The existing groupchat protocol for XMPP overloads the <presence/> stanza for temporary "subscriptions" to a virtual room and uses the <message/> stanza (with a special type of "groupchat") to communicate information to multiple room occupants. Sound familiar? It's just another form of pubsub!
In groupchat, a user joins a room by sending presence to "room@service/nick":
But on the pubsub model that is merely a temporary subscription, which can be handled quite elegantly as so:
In groupchat, room occupants can send messages to all other occupants via the <message/> stanza:
The groupchat service then "reflects" that message to all the occupants:
But on the pubsub model that is merely a publish resulting in multiple notifications, which can be handled quite elegantly as so:
The service then sends notifications to all the node subscribers:
Here again the pubsub approach is slightly more verbose, but that's what stream compression is for.
It's really rather silly that XMPP includes two different models for messaging, one for groupchat and the other for one-to-one messages. Pubsub solves that problem by using one model for everything. In order to exchange messages, one of the parties simply creates a pubsub node with a whitelist model and adds the other person as a publisher (it may also be necessary to add the other party to the whitelist):
Now Juliet can send a message to the node and it will be delivered to both parties (it's always nice to receive a bcc to one's sending address, the client can simply ignore it, or treat it as an ack):
The service then sends notifications to both parties:
Although this document shows how to do presence notifications, presence subscriptions, rosters, groupchat, and one-to-one messaging via pubsub, XMPP Eventing via Pubsub (XEP) is not limited to these functionality areas, which are provided only as examples. Indeed, XMPP Eventing via Pubsub (XEP) provides a generic mechanism for XMPP eventing that obviates the need for any future XMPP Extension Protocol (XEP) specifications other than payload formats for communication over the XMPP Eventing via Pubsub (XEP) transport. Truly, pubsub is the "one ring to bind them all" and the XEP XEP is the mother of all future XEPs. We have a clear path forward to a powerful, robust, payload-agnostic technology for the full range of eventing needs. Let us grasp the opportunity to rebuild XMPP the way it should have been built from the beginning: on top of a solid foundation of publish-subscribe.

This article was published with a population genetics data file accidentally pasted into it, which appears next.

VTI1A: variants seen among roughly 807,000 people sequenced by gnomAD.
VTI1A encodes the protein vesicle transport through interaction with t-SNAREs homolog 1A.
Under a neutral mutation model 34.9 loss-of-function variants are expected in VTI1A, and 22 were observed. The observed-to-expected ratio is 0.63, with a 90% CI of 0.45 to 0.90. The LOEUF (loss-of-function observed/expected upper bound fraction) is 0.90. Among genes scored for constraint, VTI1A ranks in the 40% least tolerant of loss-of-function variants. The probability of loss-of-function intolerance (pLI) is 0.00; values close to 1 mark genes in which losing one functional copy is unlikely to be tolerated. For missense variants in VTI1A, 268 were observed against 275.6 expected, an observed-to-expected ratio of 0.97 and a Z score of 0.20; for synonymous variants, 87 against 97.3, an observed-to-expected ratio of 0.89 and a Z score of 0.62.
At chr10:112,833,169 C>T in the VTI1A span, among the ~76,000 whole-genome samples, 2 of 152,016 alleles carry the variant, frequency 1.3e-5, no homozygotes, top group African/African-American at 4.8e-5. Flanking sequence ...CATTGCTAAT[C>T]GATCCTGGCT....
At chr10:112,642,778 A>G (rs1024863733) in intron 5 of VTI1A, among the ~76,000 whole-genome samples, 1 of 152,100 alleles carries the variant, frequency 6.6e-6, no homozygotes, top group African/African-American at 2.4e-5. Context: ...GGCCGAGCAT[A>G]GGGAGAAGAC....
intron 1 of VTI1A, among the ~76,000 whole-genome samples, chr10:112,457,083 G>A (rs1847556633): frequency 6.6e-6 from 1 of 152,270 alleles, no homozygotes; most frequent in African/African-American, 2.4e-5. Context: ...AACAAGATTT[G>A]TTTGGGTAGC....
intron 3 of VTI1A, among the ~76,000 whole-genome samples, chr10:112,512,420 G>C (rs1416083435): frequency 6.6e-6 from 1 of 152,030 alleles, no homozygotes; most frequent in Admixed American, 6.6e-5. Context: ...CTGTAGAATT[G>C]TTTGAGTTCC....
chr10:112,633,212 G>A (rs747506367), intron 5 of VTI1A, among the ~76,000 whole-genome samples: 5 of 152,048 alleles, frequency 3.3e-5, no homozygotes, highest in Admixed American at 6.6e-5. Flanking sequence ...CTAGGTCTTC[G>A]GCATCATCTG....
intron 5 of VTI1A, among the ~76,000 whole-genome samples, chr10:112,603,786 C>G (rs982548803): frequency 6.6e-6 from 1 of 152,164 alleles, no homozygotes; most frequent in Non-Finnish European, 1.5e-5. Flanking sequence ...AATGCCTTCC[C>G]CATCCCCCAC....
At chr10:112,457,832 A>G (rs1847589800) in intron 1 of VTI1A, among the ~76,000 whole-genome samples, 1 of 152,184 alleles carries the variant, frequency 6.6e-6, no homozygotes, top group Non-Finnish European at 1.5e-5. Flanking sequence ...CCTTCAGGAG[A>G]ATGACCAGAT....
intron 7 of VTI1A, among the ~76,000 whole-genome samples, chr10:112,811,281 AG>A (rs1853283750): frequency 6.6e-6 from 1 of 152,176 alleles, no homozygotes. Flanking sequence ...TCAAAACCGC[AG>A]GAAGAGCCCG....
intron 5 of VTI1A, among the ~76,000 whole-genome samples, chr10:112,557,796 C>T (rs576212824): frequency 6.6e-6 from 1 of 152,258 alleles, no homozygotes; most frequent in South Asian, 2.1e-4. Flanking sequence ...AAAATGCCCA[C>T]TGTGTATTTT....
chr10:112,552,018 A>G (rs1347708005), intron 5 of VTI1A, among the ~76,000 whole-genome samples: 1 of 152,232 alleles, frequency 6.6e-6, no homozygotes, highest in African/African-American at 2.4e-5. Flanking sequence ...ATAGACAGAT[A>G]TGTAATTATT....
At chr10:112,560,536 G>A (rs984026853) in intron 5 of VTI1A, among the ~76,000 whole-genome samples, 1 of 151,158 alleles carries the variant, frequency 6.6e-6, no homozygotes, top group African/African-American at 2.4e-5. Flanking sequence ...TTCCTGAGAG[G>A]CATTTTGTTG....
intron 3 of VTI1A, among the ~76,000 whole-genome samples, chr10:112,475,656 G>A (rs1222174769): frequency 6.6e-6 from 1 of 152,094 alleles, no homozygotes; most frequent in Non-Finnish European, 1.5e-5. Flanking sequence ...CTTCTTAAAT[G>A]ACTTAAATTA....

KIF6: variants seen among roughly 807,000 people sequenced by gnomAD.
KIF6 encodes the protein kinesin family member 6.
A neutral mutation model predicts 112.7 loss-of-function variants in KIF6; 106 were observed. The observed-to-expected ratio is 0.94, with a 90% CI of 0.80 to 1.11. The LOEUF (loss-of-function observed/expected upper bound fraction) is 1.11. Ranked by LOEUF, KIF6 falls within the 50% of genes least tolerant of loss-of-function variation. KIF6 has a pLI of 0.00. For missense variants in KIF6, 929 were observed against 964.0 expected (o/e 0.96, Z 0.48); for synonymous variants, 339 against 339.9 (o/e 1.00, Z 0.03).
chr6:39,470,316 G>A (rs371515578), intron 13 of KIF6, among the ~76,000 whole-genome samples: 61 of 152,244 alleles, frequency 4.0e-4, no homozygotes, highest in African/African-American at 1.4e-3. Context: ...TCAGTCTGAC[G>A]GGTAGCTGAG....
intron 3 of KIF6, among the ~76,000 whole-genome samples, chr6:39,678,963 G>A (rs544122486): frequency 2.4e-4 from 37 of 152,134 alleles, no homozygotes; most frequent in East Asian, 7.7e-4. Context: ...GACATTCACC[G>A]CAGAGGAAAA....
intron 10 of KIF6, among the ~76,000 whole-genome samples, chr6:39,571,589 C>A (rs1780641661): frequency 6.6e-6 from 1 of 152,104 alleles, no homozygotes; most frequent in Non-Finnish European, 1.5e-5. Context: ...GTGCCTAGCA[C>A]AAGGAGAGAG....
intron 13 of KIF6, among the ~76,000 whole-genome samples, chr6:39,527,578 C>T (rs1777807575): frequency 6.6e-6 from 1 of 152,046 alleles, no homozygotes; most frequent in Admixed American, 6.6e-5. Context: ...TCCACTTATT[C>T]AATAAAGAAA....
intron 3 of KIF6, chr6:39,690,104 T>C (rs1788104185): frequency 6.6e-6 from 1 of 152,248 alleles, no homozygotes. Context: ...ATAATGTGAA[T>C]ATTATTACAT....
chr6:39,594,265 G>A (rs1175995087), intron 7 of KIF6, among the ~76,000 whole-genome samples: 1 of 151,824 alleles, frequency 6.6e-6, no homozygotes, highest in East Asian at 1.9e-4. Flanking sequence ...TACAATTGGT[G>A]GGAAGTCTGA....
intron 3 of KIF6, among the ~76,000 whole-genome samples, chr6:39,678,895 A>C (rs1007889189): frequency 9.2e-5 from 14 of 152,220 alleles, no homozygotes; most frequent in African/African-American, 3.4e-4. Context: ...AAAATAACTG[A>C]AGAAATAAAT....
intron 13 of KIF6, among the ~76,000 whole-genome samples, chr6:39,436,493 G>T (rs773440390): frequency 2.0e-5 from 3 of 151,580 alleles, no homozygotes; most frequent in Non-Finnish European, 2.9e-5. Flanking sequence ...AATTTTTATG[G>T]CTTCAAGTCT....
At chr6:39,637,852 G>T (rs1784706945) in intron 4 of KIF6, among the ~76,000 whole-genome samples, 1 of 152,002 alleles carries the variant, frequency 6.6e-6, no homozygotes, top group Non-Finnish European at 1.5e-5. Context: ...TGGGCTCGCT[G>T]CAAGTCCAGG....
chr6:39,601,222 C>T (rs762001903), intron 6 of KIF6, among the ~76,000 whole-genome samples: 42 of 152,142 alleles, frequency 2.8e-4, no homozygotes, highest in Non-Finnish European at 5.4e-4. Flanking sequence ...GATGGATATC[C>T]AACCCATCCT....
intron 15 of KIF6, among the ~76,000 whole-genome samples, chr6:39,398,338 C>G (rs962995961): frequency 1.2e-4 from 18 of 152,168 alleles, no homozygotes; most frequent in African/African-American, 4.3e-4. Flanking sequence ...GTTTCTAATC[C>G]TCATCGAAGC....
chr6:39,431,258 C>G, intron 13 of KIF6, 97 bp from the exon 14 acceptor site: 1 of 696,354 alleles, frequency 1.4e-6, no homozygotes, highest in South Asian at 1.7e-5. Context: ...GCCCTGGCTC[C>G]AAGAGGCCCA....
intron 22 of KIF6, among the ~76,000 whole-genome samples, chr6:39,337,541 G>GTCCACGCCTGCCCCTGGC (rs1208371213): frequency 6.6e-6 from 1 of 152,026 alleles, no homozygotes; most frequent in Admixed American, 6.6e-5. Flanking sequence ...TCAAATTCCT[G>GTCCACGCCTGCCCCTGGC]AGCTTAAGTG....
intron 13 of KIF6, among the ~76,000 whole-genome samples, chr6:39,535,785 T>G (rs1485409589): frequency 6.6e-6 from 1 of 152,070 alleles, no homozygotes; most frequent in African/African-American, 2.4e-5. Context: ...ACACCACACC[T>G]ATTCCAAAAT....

In XMPP Eventing via Pubsub (XEP), access control is handled through a single permissions model, that of subscriptions to pubsub nodes. XEP nodes MUST have a default access model of "authorize" to prevent open data retrieval from potentially private data sources; this will result in a great deal of authorization requests and thus annoy typical end users to no end, but users will at least have the illusion of security, which is all they really want anyway.
End-to-end encryption is made more difficult in XMPP Eventing via Pubsub (XEP) since all information passes through the pubsub service, which is typically associated with or hosted by the user's server. The solution is to run your own XMPP server in a high-security fashion. In particular, universal deployment of personal XMPP servers, domain certificates (X.509 / PKI) for channel encryption (TLS) and server-to-server trust (SASL), IPv6, DNSSEC, and IPsec will solve all security problems.
If that is not enough, XMPP can utilize onion routing schemes such as Tor for added security. Typically this results in high latency. But the word "instant" in "instant messaging" has always made XMPP seem quite frivolous (especially back when we called it "Jabber", what a silly word that is!), whereas "secure messaging" sounds like a serious technology. Who cares if delivery takes forever? (Oh and while we're at it, we should add per-hop acknowledgements for every stanza and perhaps full transactional abilities; however, those initiatives are beyond the scope of this document.)
This document requires no interaction with the Internet Assigned Numbers Authority (IANA) .
This document requires no interaction with the XMPP Registrar .
Because XMPP Eventing via Pubsub simply reuses the protocol specified in XEP-0060, a separate schema is not needed.
Thanks to Maciek Niedzielski for inspiration.
This document in other formats: XML PDF